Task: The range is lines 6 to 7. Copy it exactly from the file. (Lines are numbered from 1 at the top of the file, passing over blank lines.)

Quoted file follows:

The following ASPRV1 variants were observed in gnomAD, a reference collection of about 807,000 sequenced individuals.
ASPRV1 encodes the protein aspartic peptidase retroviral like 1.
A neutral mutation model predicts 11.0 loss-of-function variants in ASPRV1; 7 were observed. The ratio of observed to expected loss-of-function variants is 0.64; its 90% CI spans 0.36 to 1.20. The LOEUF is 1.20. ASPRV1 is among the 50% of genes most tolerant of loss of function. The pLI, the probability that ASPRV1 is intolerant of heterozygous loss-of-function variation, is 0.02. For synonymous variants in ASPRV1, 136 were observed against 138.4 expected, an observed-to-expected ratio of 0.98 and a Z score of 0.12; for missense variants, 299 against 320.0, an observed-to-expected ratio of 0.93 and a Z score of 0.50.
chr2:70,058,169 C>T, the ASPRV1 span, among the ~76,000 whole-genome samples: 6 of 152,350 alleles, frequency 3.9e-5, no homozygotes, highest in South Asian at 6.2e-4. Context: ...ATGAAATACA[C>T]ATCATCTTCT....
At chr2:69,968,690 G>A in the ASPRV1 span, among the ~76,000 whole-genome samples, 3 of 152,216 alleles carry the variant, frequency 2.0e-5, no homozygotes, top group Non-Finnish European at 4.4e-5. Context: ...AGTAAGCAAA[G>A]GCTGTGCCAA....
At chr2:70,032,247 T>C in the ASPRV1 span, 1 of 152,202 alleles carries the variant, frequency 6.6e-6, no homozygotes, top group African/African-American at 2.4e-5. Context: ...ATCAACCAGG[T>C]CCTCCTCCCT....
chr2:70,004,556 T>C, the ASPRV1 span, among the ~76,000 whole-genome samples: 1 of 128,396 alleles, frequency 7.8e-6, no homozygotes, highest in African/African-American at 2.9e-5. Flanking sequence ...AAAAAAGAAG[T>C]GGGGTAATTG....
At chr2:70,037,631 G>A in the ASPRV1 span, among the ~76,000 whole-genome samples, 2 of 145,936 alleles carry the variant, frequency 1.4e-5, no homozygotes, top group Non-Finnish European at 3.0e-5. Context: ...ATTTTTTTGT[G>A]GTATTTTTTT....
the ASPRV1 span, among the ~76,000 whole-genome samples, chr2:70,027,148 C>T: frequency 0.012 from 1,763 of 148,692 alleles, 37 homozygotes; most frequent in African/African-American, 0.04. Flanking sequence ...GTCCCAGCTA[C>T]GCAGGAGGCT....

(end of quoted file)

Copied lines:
At chr2:70,032,247 T>C in the ASPRV1 span, 1 of 152,202 alleles carries the variant, frequency 6.6e-6, no homozygotes, top group African/African-American at 2.4e-5. Context: ...ATCAACCAGG[T>C]CCTCCTCCCT....
chr2:70,004,556 T>C, the ASPRV1 span, among the ~76,000 whole-genome samples: 1 of 128,396 alleles, frequency 7.8e-6, no homozygotes, highest in African/African-American at 2.9e-5. Flanking sequence ...AAAAAAGAAG[T>C]GGGGTAATTG....